By Garry Brown, Executive Director / Orange County Coastkeeper
Newport Beach’s locals are the pulse of this city.
Most residents grew up here; running and playing on the sand since they could walk. Some might even try to convince you that they were born in the water.
This tight-knit community continues to prove its passion and commitment to protecting the main thread that unites them as a city: their beaches.
The city takes strong measures to protect its waters from one of the most plaguing issues for any coastal community: debris. For the past 11 years, the city inspected and cleaned 100% of its 3,233 catch basins and continued the voluntary alley sweeping program to collect 5,698 tons (dry) of debris and litter.
“It is very important for our visitors and residents to have clean water that they can use recreationally and enjoy,” said John Kappeler, the Water Quality Manager for the city of Newport Beach.
Excellent water quality stems from the extensive, long-term projects that make water quality improvements a top priority to council members, public officials and community members in Newport Beach.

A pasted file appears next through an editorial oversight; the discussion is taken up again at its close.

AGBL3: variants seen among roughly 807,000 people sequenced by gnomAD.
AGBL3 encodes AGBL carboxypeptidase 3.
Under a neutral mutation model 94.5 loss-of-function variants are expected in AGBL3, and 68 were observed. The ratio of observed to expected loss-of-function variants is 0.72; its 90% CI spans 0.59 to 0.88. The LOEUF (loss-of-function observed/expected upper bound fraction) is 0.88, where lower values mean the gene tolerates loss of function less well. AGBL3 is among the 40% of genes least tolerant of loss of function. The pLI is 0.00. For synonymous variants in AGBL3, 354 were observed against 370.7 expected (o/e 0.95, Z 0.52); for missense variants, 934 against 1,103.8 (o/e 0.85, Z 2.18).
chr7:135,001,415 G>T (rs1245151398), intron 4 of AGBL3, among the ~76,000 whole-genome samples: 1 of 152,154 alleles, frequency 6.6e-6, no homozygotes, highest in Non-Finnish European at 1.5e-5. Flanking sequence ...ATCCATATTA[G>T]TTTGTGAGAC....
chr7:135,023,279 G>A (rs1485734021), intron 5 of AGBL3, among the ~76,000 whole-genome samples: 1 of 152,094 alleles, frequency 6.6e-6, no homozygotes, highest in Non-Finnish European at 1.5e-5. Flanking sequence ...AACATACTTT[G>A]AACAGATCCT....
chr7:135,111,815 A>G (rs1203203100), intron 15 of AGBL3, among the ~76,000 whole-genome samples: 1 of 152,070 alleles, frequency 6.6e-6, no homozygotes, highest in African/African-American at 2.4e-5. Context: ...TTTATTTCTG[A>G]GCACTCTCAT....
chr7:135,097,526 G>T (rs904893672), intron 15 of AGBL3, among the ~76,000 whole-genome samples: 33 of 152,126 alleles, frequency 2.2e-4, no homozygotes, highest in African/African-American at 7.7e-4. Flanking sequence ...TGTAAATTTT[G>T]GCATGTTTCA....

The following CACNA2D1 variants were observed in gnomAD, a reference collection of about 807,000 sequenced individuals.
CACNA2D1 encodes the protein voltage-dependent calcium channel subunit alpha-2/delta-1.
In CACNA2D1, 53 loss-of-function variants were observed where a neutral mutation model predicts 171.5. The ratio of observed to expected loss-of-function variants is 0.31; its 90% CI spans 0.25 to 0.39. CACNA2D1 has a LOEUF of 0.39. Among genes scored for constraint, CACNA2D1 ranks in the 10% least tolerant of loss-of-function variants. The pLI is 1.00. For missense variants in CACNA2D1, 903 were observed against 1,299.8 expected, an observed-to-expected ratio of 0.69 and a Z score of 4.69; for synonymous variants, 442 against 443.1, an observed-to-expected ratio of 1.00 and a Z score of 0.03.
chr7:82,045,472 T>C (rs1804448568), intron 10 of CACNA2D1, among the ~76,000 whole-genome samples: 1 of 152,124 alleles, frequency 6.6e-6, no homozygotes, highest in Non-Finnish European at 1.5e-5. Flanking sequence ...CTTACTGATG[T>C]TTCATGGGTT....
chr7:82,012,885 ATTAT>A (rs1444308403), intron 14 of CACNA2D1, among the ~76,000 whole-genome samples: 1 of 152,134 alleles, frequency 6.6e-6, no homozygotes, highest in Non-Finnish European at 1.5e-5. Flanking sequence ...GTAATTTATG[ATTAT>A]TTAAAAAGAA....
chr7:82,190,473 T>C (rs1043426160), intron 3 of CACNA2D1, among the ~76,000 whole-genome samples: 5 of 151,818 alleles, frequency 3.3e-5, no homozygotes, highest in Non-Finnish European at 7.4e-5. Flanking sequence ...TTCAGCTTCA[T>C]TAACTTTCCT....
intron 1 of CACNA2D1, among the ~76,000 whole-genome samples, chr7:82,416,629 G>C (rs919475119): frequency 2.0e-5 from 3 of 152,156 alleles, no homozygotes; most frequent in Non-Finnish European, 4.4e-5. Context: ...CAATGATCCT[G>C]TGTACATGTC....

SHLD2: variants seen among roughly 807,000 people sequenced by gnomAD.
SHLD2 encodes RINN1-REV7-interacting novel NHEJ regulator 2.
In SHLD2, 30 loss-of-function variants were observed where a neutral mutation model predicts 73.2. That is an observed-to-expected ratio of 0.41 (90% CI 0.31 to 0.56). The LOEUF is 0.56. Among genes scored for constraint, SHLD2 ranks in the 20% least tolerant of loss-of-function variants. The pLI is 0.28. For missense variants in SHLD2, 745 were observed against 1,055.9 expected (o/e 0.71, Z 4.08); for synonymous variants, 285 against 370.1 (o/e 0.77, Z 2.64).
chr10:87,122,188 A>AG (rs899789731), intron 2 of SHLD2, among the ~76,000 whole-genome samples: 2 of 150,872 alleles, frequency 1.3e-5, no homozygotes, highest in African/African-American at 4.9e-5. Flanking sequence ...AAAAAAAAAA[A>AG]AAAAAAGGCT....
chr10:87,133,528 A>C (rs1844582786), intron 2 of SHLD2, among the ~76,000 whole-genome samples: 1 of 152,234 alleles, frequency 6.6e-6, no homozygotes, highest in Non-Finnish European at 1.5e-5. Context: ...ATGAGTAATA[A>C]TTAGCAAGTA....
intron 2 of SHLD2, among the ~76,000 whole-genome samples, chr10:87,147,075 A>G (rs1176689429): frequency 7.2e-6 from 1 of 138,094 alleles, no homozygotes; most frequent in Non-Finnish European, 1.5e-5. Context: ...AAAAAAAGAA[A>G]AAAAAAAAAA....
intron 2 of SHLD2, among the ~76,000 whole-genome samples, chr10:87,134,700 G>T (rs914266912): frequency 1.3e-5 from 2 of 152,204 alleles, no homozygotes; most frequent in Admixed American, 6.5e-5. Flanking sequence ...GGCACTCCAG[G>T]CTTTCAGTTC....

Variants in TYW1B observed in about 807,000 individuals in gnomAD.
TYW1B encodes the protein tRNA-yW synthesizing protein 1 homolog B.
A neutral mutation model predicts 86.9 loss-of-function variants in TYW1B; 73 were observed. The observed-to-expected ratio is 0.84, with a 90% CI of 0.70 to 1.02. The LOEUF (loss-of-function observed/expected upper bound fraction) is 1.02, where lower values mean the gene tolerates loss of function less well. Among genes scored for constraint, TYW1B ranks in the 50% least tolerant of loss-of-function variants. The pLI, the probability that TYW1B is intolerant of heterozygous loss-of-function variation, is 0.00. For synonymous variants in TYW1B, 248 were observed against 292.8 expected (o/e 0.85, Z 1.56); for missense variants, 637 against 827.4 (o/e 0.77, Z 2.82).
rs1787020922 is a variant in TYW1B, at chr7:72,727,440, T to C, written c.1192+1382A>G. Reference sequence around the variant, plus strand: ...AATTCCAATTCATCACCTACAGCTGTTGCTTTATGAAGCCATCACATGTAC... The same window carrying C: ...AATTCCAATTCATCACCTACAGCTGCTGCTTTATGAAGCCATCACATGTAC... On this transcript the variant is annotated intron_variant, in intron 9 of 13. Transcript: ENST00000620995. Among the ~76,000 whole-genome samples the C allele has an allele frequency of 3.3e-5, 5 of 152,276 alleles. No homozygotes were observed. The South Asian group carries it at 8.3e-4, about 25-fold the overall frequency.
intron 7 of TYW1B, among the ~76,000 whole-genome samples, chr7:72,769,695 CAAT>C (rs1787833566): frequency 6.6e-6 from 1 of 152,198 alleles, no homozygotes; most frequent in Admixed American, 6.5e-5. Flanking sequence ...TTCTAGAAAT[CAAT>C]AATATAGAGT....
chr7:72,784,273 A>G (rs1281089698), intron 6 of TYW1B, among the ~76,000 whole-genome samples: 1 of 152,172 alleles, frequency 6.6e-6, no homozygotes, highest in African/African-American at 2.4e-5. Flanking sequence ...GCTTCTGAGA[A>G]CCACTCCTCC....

The Buck Gully Resource Management Plan details a 20 year plan to make ongoing improvements to the coastal canyon to increase public access, fire safety, water quality, and native plant restoration. The city also shows extensive support of water conservation projects, education programs, and campaigns such as the OC “Be a Water Hero” campaign, July’s “Smart Irrigation Month,” and the annual Children’s Water Education Festival.
Newport Beach continually applies for grant funding for the best trash and debris removal devices out there. Some of this funding comes from Orange County voter approved Measure M, a fund for the installation of water quality devices and natural treatment systems to clean up polluted urban runoff before it enters harbors and oceans. The city has utilized Measure M Tier 1 grant awards for litter removal and trash skimmer removal projects in Newport Bay.
With Newport Beach’s passionate commitment to clean water, the city and its comprehensive plans for water quality improvement projects act as an example to be followed by its neighbors up and down the coast.
According to Kappeler, one the reasons the city needs to be pro-active with their water quality measures is because Newport Beach is situated at the end of a funnel for upstream cities. All of the polluted urban runoff from inland cities thus becomes Newport Beach’s problem.
There is plenty of work to be done, and days such as Swimmable California Day (held on July 25) serves as a reminder that all cities and residents need to continue the fight for clean water.